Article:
May Day: Occupy Sympathizers Skip Work To Protest, Hang Out And Rail Against Greed
Robert Harrington comes to his Midtown Manhattan office each day wearing a businessman's trenchcoat. At 65, he runs his own apparel-import business. But he decided to close shop on Tuesday, May 1.
Instead, he left his office to take part in the protests marking the 2012 May Day, the first to coincide with the Occupy movement. Harrington (pictured at left) says that he hasn't taken part in political protests since the Vietnam War era.
"It took two years for the protests against Vietnam to become effective," he says, adding that he hopes this protest will lead to similarly big change -- criminal charges against Wall Street financiers and greater financial regulation and oversight. "For me, the banks are at the epicenter of an enormous problem for this country."
Harrington stood among several hundred people in Midtown Manhattan's Bryant Park on Tuesday, holding a white poster on which he wrote out a list of grievances against the economic establishment. In not working, Harrington joined the movement that sought to show corporate America how much it depends on the labor and consumption of the 99 percent.
Harrington called for the return of the separation between investment and retail banking activity, as outlined by the Glass-Steagall Act. (The 1933 New Deal act was repealed by Congress in 1999.)
Not 'A Crazy Communist' Anymore
Although not all protesters may share the same policy goals, Harrington's overall views were in line with the 2012 May Day, which also took place under the banner, "A Day Without the 99 Percent." That slogan derives from Occupy Wall Street, which was launched last September around the idea of increased democratic participation during the financial crisis. Since its launch, the movement has had its share of run-ins with authorities, including pepper-spraying incidents. And yesterday's rally in New York was no different; some 50 arrests were made during the day's events. And while critics attack the Occupy movement for both disrupting civil order and the lack of a single action plan, that lack of a defining goal has allowed it to attract a diversity of supporters.
That range was on display on May 1, the first nationwide organized activity to take place this spring. Interviews with more than 20 protesters on Tuesday suggests that there is a wide spectrum of workers -- from professionals like Harrington to blue collar workers and full-time activists.
And the workers coming out in New York on Tuesday said they've already sensed a change in the national mood, as the country approaches the fourth anniversary of the Lehman Brothers' meltdown.
"I have been coming to May Day protests since I came to this country 10 years ago," said Libor von Shonau, a 34-year old Czech-born construction supervisor who works on Manhattan's Upper East Side. "Now, you are not a crazy communist for talking about free health care, and for asking why do all of us taxpayers have to bail out the banks?"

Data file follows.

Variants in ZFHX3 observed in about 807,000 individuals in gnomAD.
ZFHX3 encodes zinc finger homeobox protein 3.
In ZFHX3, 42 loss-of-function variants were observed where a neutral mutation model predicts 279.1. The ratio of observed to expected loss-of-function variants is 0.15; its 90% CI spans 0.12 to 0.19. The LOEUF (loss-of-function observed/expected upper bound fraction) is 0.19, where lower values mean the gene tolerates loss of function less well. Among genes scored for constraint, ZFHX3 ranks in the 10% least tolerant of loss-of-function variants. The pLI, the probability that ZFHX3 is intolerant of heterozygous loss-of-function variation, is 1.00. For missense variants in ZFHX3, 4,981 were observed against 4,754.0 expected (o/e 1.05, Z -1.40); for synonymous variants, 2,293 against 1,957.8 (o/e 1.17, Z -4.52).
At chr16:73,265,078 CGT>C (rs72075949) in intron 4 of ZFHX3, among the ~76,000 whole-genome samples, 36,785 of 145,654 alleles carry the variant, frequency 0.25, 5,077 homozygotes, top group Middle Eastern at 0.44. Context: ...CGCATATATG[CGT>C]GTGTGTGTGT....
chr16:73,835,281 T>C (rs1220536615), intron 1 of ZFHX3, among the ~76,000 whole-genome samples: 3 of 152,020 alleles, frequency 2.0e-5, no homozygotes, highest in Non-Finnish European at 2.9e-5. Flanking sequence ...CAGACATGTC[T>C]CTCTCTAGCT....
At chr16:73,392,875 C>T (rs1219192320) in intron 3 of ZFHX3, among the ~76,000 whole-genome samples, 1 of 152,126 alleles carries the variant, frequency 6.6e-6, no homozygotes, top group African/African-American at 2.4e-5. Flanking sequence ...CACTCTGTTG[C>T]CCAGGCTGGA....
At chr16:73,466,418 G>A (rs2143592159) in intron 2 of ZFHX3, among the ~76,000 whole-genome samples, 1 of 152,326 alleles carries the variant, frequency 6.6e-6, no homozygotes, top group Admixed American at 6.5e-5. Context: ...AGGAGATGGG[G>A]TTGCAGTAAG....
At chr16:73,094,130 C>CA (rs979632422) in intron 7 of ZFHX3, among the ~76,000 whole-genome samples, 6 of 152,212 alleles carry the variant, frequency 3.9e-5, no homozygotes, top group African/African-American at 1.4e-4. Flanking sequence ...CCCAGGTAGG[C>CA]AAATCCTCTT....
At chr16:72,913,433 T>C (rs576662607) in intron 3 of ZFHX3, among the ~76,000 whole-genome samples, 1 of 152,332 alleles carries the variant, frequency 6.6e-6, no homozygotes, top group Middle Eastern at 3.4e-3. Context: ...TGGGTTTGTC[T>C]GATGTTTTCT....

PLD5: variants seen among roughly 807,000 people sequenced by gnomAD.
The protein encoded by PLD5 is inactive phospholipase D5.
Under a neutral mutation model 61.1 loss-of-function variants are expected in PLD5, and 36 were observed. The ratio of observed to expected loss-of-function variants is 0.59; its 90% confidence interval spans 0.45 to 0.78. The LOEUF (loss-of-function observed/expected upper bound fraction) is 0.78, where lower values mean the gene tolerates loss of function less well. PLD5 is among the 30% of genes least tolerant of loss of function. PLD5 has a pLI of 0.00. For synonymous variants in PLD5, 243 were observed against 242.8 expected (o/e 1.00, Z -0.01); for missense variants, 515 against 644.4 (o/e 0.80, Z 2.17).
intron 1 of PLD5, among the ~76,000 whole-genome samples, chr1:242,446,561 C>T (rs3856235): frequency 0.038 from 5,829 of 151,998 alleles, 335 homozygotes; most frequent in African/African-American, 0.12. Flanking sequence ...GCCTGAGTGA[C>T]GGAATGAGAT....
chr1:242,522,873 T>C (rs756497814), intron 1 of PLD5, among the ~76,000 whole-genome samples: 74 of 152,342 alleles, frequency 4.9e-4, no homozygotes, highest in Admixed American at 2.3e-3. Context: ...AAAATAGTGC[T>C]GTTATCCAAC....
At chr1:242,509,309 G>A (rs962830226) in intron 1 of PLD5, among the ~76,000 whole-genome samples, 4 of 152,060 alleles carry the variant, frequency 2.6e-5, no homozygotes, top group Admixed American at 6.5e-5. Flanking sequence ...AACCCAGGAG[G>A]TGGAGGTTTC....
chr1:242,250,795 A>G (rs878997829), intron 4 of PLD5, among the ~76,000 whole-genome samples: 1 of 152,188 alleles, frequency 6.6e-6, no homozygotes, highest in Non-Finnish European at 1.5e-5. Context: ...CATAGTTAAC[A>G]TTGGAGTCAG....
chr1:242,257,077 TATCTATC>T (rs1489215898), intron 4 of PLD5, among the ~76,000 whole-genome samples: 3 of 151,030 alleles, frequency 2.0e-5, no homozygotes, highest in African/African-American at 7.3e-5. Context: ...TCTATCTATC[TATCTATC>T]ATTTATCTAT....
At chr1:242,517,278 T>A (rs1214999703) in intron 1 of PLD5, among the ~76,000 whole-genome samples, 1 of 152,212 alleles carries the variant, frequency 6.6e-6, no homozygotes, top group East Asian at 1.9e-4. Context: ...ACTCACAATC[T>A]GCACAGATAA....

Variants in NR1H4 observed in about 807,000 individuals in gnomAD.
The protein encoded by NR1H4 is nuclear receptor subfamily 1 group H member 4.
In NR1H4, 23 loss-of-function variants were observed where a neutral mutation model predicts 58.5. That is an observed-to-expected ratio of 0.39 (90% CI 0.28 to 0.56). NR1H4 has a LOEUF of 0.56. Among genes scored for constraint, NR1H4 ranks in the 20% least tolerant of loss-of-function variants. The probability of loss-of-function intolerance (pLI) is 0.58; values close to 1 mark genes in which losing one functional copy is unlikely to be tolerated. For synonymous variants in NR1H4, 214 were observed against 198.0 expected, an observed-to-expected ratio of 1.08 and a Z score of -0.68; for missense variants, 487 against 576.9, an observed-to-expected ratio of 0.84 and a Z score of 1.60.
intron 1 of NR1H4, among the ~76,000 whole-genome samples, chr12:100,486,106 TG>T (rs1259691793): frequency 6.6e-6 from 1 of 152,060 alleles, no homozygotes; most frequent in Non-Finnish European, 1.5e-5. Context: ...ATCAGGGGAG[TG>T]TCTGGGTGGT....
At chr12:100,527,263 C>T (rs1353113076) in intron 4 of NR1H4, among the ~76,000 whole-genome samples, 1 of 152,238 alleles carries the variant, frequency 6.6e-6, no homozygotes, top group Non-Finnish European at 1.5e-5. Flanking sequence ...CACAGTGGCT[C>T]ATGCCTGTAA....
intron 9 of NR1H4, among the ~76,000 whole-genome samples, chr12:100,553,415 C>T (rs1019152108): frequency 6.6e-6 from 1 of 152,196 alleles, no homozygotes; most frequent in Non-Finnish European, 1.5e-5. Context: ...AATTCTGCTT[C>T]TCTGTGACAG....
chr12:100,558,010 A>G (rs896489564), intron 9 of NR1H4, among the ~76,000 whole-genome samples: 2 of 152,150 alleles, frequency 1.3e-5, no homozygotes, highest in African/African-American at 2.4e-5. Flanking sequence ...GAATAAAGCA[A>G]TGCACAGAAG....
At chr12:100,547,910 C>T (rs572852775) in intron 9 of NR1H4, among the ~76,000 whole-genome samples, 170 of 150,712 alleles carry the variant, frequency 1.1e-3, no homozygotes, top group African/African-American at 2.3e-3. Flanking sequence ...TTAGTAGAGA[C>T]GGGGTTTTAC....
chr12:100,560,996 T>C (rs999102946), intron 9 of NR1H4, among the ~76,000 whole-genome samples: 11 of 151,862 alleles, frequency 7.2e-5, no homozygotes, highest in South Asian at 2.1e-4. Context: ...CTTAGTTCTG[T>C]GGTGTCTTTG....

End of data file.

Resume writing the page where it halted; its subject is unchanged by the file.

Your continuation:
And while many like Harrington and Von Shonau took off work to take part, the wider majority were able to fit in their participation while dipping out from work, according to the unscientific sample surveyed by this AOL Jobs reporter.
"I don't think I was educated enough on every aspect to commit full-time and take off work," said 29-year-old Matthew Shapiro, who works as a consultant for the intellectual property firm Charles River Associates in Midtown Manhattan.
So instead, Shapiro (decked out in business casual wear including a blue, buttoned shirt) took leave from his office to show his support.
"I am definitely sympathetic to the Occupy Movement," he said. "Some of the demands are disjointed, but I think the underlying problem is the wealth gap. So if this is an agent of change for that, I support it."
Came For The Music
Shapiro also says that he was attracted to the rally by the prospect of an appearance by Tom Morello, a guitarist for the band Rage Against the Machine.
Indeed, the rallies on May Day were accompanied by a range of activities, ranging from musical performances to educational seminars on issues like climate change.
And it was the chance to take part in a learning experience that attracted headband-wearing Matt Davis to spend the day in Manhattan and take part in the rallies. The 24-year-old is an assistant manager at a Lawrenceville, N.J., location of the Cheeburger Cheeburger restaurant chain and he said that he was eager to share the knowledge that he gleaned while studying at the College of New Jersey.
"The first lesson of quantum studies is that we are all connected," he said. "So in this country there should be enough for all to have health care, and food and jobs. So I came to find out why we are all so separated."
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Dan Fastenberg was most recently a reporter with TIME Magazine. Previously, he was a writer for the Thomson Reuters news service's Latin America desk. He was also a reporter and associate editor for the Buenos Aires Herald while living in South America.
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